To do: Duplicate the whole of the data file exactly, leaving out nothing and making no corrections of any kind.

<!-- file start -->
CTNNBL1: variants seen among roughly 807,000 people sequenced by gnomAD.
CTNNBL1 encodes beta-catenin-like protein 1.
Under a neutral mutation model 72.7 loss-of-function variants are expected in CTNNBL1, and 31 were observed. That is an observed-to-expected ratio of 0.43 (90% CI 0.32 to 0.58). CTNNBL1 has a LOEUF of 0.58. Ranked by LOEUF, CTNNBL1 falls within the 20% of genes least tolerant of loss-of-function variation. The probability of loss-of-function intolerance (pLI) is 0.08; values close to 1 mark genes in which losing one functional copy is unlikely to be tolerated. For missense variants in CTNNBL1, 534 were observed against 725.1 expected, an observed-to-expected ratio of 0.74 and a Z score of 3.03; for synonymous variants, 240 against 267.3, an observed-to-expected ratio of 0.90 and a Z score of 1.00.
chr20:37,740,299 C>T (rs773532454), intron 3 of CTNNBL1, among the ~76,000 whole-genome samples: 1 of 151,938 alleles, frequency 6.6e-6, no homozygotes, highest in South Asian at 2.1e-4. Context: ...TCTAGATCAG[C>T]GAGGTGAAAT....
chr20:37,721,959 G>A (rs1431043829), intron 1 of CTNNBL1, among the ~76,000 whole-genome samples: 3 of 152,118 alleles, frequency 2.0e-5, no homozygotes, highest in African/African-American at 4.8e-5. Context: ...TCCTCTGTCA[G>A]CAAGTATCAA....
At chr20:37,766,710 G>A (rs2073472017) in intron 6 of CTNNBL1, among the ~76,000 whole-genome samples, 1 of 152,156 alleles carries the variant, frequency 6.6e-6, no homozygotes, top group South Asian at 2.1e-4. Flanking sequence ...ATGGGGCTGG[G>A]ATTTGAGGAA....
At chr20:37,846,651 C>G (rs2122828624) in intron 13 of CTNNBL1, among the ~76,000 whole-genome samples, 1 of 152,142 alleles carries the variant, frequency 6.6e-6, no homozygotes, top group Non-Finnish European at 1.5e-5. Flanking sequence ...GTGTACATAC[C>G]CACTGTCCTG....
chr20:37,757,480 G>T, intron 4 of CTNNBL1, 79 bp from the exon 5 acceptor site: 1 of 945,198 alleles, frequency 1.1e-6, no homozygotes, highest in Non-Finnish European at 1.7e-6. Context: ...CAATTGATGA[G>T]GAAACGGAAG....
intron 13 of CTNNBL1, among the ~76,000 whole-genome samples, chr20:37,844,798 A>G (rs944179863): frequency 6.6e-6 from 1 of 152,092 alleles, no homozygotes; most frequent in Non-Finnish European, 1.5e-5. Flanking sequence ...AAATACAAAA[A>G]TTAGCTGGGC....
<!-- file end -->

CTNNBL1: variants seen among roughly 807,000 people sequenced by gnomAD.
CTNNBL1 encodes beta-catenin-like protein 1.
Under a neutral mutation model 72.7 loss-of-function variants are expected in CTNNBL1, and 31 were observed. That is an observed-to-expected ratio of 0.43 (90% CI 0.32 to 0.58). CTNNBL1 has a LOEUF of 0.58. Ranked by LOEUF, CTNNBL1 falls within the 20% of genes least tolerant of loss-of-function variation. The probability of loss-of-function intolerance (pLI) is 0.08; values close to 1 mark genes in which losing one functional copy is unlikely to be tolerated. For missense variants in CTNNBL1, 534 were observed against 725.1 expected, an observed-to-expected ratio of 0.74 and a Z score of 3.03; for synonymous variants, 240 against 267.3, an observed-to-expected ratio of 0.90 and a Z score of 1.00.
chr20:37,740,299 C>T (rs773532454), intron 3 of CTNNBL1, among the ~76,000 whole-genome samples: 1 of 151,938 alleles, frequency 6.6e-6, no homozygotes, highest in South Asian at 2.1e-4. Context: ...TCTAGATCAG[C>T]GAGGTGAAAT....
chr20:37,721,959 G>A (rs1431043829), intron 1 of CTNNBL1, among the ~76,000 whole-genome samples: 3 of 152,118 alleles, frequency 2.0e-5, no homozygotes, highest in African/African-American at 4.8e-5. Context: ...TCCTCTGTCA[G>A]CAAGTATCAA....
At chr20:37,766,710 G>A (rs2073472017) in intron 6 of CTNNBL1, among the ~76,000 whole-genome samples, 1 of 152,156 alleles carries the variant, frequency 6.6e-6, no homozygotes, top group South Asian at 2.1e-4. Flanking sequence ...ATGGGGCTGG[G>A]ATTTGAGGAA....
At chr20:37,846,651 C>G (rs2122828624) in intron 13 of CTNNBL1, among the ~76,000 whole-genome samples, 1 of 152,142 alleles carries the variant, frequency 6.6e-6, no homozygotes, top group Non-Finnish European at 1.5e-5. Flanking sequence ...GTGTACATAC[C>G]CACTGTCCTG....
chr20:37,757,480 G>T, intron 4 of CTNNBL1, 79 bp from the exon 5 acceptor site: 1 of 945,198 alleles, frequency 1.1e-6, no homozygotes, highest in Non-Finnish European at 1.7e-6. Context: ...CAATTGATGA[G>T]GAAACGGAAG....
intron 13 of CTNNBL1, among the ~76,000 whole-genome samples, chr20:37,844,798 A>G (rs944179863): frequency 6.6e-6 from 1 of 152,092 alleles, no homozygotes; most frequent in Non-Finnish European, 1.5e-5. Flanking sequence ...AAATACAAAA[A>G]TTAGCTGGGC....